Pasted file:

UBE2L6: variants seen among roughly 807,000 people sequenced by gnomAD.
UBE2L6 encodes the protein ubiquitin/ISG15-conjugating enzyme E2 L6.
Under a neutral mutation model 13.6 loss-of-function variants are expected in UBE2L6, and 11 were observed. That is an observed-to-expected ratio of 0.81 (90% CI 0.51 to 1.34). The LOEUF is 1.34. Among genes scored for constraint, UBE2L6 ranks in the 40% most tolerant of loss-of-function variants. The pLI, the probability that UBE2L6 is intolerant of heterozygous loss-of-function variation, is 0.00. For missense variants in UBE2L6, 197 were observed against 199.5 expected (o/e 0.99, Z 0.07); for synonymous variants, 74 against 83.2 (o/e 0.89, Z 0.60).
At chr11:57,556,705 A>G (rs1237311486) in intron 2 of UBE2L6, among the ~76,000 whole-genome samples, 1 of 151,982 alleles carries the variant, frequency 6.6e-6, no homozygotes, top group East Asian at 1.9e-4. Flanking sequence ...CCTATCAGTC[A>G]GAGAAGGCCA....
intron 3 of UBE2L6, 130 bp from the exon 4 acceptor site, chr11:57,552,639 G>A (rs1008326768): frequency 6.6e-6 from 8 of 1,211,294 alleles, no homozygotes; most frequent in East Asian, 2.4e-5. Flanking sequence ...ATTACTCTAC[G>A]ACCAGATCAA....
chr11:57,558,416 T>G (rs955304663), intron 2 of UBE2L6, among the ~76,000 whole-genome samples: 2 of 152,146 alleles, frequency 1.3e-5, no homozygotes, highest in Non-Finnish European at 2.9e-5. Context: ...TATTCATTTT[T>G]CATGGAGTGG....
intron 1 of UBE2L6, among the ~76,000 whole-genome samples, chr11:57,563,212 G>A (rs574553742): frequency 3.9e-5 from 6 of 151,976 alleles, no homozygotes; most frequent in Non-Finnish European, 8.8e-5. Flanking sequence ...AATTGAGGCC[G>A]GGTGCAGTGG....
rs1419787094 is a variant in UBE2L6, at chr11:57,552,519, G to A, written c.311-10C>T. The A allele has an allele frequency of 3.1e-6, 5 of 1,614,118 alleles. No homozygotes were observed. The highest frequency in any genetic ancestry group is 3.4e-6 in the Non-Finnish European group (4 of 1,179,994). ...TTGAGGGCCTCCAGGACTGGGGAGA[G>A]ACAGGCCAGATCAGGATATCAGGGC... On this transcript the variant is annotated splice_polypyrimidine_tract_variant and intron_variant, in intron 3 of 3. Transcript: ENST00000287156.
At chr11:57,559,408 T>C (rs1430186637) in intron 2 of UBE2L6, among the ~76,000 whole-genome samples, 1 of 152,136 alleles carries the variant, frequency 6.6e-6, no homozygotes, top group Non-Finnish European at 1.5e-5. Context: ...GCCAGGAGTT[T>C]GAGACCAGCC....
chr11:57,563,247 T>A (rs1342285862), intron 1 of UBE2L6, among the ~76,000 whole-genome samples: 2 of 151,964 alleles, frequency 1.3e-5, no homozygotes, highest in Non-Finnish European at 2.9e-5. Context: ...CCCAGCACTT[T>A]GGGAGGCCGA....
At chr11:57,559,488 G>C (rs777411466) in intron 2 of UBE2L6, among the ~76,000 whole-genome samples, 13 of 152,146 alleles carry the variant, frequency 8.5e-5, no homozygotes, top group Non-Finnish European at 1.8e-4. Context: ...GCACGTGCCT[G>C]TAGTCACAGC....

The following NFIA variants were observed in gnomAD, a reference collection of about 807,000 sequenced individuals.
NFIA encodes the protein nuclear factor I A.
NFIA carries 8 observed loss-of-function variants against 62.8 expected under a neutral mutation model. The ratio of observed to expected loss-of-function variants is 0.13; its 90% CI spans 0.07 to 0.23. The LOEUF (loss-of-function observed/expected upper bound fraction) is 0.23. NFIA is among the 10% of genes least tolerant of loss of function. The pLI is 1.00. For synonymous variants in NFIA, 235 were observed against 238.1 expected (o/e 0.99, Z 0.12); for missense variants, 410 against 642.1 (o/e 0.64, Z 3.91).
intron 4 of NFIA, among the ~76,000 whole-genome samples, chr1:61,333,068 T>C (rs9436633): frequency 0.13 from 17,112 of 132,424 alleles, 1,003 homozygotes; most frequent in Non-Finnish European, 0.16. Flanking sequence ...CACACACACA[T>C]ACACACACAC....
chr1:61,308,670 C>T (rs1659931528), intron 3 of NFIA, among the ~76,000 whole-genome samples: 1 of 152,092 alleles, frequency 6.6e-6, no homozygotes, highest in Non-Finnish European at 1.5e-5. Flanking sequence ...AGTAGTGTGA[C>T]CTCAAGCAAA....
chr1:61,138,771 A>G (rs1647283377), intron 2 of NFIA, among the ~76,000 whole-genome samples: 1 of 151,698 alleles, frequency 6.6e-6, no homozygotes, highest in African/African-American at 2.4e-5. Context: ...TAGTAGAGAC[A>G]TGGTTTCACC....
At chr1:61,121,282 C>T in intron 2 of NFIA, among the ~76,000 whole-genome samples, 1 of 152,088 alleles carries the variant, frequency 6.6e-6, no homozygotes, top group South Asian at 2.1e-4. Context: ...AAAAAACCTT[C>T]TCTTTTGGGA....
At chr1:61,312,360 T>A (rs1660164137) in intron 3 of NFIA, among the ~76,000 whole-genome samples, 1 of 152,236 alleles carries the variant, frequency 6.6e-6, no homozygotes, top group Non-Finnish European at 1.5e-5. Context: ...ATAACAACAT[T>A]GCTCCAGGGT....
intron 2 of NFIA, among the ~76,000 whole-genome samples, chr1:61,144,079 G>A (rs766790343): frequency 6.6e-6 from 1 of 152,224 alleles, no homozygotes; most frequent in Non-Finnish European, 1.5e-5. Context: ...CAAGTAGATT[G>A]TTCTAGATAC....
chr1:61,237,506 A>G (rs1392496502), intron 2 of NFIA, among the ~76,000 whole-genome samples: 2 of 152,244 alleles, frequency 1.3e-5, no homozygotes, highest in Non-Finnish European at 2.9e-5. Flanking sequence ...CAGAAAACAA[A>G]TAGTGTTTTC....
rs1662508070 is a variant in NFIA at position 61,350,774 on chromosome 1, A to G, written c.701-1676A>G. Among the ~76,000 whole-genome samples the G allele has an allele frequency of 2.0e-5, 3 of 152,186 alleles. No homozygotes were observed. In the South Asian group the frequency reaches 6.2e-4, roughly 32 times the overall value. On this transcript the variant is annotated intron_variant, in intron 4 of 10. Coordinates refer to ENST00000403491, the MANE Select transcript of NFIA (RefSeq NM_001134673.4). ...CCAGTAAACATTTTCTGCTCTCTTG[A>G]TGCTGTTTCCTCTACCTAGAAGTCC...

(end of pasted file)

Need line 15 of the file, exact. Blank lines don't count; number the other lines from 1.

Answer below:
intron 4 of NFIA, among the ~76,000 whole-genome samples, chr1:61,333,068 T>C (rs9436633): frequency 0.13 from 17,112 of 132,424 alleles, 1,003 homozygotes; most frequent in Non-Finnish European, 0.16. Flanking sequence ...CACACACACA[T>C]ACACACACAC....